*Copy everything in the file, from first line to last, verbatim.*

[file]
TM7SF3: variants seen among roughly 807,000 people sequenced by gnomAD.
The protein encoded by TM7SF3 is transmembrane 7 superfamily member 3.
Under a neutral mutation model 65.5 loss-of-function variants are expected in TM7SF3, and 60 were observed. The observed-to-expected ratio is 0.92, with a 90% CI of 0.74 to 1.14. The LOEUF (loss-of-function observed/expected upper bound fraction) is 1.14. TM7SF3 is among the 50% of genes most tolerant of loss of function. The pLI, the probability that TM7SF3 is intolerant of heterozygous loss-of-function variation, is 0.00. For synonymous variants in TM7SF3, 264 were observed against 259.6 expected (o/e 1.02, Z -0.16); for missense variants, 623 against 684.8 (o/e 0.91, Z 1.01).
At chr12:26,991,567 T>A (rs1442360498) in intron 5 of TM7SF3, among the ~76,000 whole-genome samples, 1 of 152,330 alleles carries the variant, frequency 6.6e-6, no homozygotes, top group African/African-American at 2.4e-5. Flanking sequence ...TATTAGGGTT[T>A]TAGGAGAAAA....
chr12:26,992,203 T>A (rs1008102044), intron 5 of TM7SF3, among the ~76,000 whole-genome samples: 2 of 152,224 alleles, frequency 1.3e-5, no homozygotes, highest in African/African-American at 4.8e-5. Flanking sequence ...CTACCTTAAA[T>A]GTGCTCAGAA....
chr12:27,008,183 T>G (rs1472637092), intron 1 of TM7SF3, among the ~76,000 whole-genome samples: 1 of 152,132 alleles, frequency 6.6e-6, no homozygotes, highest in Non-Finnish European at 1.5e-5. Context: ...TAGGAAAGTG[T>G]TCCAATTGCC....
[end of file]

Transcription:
TM7SF3: variants seen among roughly 807,000 people sequenced by gnomAD.
The protein encoded by TM7SF3 is transmembrane 7 superfamily member 3.
Under a neutral mutation model 65.5 loss-of-function variants are expected in TM7SF3, and 60 were observed. The observed-to-expected ratio is 0.92, with a 90% CI of 0.74 to 1.14. The LOEUF (loss-of-function observed/expected upper bound fraction) is 1.14. TM7SF3 is among the 50% of genes most tolerant of loss of function. The pLI, the probability that TM7SF3 is intolerant of heterozygous loss-of-function variation, is 0.00. For synonymous variants in TM7SF3, 264 were observed against 259.6 expected (o/e 1.02, Z -0.16); for missense variants, 623 against 684.8 (o/e 0.91, Z 1.01).
At chr12:26,991,567 T>A (rs1442360498) in intron 5 of TM7SF3, among the ~76,000 whole-genome samples, 1 of 152,330 alleles carries the variant, frequency 6.6e-6, no homozygotes, top group African/African-American at 2.4e-5. Flanking sequence ...TATTAGGGTT[T>A]TAGGAGAAAA....
chr12:26,992,203 T>A (rs1008102044), intron 5 of TM7SF3, among the ~76,000 whole-genome samples: 2 of 152,224 alleles, frequency 1.3e-5, no homozygotes, highest in African/African-American at 4.8e-5. Flanking sequence ...CTACCTTAAA[T>A]GTGCTCAGAA....
chr12:27,008,183 T>G (rs1472637092), intron 1 of TM7SF3, among the ~76,000 whole-genome samples: 1 of 152,132 alleles, frequency 6.6e-6, no homozygotes, highest in Non-Finnish European at 1.5e-5. Context: ...TAGGAAAGTG[T>G]TCCAATTGCC....